When my father suffered a severe stroke more than a decade ago, among the many things my sister and I had to deal with were his finances while he was in hospital.
He was in his early fifties at the time, and had never considered that he’d fall so seriously ill – therefore leaving no plans in place for us to take over his money management if he was incapacitated.
Picking up the pieces during my father’s six-month recovery was troubling, to say the least. We had to write to all the financial companies he dealt with, alerting them to the situation and requesting that they contact us if any payments had been missed, which we then had to fund ourselves.
Then, when my father had become well enough to do so (and under a doctor’s supervision and guidance), we had to sign a third-party mandate so we could temporarily operate his bank account.
Dealing with a variety of banks, lenders and insurers was a mixed bag back in 2003.
Some were understanding, and made things relatively straightforward. Others continuously ignored our mandate or refused to accept it.
One bank even made us go through heavy ID checks and a grilling by a local branch manager to ensure we weren’t fraudsters. With time, I understand the bank was, ultimately, looking after my father’s interests. But in that moment, it was quite a distressing experience.
I’m thinking about this now because this week has seen the launch of the annual Dementia Action Week – an awareness campaign designed to encourage people to take action to “improve the lives of those affected by dementia” and ensure that the right provisions are available in the UK to deal with the rising number of people suffering from it.
In just over 30 years’ time, it is thought that two million people will be suffering with dementia in this country.
Although my father’s illness was vastly different, those dealing with the consequences of a debilitating condition, particularly the management of finances, are bound to have similar experiences.
A 53-year-old man in relatively good health with two teenage children, my father had made all sorts of responsible arrangements – life insurance, a will and we were even the nominated beneficiaries of his pension.
But he’d, understandably, never even considered the one thing that could have saved us all of the hassle we went through – Power of Attorney.
Power of Attorney is a legal document where one person (the donor) gives others (their attorneys) the right to make decisions on their behalf.
You can only set up a Power of Attorney while you still have the ability to weigh up information and make decisions for yourself, known as “mental capacity” – making it worthdoing now in anticipation of the unexpected.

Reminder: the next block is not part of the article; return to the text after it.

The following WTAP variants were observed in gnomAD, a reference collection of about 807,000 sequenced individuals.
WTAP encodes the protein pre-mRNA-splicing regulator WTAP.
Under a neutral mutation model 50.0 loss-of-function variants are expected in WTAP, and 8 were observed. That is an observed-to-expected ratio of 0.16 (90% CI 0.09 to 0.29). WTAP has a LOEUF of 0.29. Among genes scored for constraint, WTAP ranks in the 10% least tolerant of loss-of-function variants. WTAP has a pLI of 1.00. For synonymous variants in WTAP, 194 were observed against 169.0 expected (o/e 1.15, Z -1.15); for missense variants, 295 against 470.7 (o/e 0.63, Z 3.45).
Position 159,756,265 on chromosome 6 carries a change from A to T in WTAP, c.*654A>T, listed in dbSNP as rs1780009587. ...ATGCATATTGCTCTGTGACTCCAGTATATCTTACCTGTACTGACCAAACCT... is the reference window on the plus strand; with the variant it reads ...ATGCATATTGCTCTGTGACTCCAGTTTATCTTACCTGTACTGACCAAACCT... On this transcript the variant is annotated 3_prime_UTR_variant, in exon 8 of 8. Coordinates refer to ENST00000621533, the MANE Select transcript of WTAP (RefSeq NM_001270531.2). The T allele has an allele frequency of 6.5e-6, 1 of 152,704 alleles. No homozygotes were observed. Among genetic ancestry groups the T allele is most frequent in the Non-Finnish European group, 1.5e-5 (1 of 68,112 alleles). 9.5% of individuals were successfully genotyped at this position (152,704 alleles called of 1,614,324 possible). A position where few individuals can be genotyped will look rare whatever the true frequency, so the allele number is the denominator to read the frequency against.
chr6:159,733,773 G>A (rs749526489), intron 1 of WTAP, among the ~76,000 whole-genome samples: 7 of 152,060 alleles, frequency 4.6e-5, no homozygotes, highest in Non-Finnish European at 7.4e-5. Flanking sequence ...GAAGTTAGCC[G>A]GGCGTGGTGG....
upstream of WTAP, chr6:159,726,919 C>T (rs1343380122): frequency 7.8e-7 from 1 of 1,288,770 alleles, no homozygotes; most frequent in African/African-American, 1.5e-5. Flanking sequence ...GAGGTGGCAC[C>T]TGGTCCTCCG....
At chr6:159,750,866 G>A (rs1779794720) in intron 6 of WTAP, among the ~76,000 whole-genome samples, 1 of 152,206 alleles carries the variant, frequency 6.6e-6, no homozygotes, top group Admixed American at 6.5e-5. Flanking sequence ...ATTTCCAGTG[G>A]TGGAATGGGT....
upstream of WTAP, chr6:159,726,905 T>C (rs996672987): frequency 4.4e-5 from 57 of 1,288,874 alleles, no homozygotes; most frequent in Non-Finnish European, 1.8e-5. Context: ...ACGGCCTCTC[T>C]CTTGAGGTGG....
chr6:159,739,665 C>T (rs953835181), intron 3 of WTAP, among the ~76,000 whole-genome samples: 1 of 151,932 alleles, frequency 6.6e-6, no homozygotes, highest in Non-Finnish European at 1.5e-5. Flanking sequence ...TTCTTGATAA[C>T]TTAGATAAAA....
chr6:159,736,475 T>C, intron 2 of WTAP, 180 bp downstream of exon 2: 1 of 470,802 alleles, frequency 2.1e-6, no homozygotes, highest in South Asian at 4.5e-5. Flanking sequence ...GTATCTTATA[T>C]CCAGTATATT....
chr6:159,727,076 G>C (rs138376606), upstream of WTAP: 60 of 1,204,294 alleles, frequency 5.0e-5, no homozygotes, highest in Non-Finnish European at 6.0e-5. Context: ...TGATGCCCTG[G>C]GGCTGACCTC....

In Scotland, there are three types: Continuing Power of Attorney (CPA), Welfare Power of Attorney (WPA) and General Power of Attorney (GPA).
A CPA is an ongoing arrangement giving your attorneys the power to make decisions about your money and property, including managing bank or building society accounts, paying bills, collecting a pension or benefits and, if necessary, selling your home. It can be set up to be used when you have capacity, as long as you have given consent to your attorney.
A WPA gives your attorneys the power to make decisions on issues such as your daily routine (washing, dressing, eating), medical care, moving into a care home and life-sustaining medical treatment. It can only be used if you are unable to make your own decisions.
It is also possible to combine both the CPA and WPA into one document so you are fully covered for financial and personal/welfare issues.
A GPA gives another person authority to act on your behalf for a temporary time period. But as soon as you lose mental capacity, the General Power of Attorney will expire. This means it’s not suitable if you need someone to manage your affairs after you’ve lost the ability to do it yourself.
This option is most useful if you temporarily want someone to make decisions for you – for example, while recovering from an injury or during an extended overseas trip.
You can find out everything you need to know about Power of Attorney from the Office of the Public Guardian (Scotland), the government body that sets up and holds these agreements. In my view, it is an essential thing for all people to consider.
We’re fortunate that my dad made a fantastic recovery and was able to take back control of his finances, but he said that he didn’t want my sister and I to repeat the experience we had. So, as a family, we decided that we would set up Power of Attorney. Should he ever get ill again, it would be far simpler for us to take over.
But whether you’re a new parent, planning your later life finances, or thinking of tidying up your financial affairs, put Power of Attorney front and centre.
Hopefully you’ll never need it, but you and your family will be grateful you did should the worst happen.
Gareth Shaw is head of Which? Money Online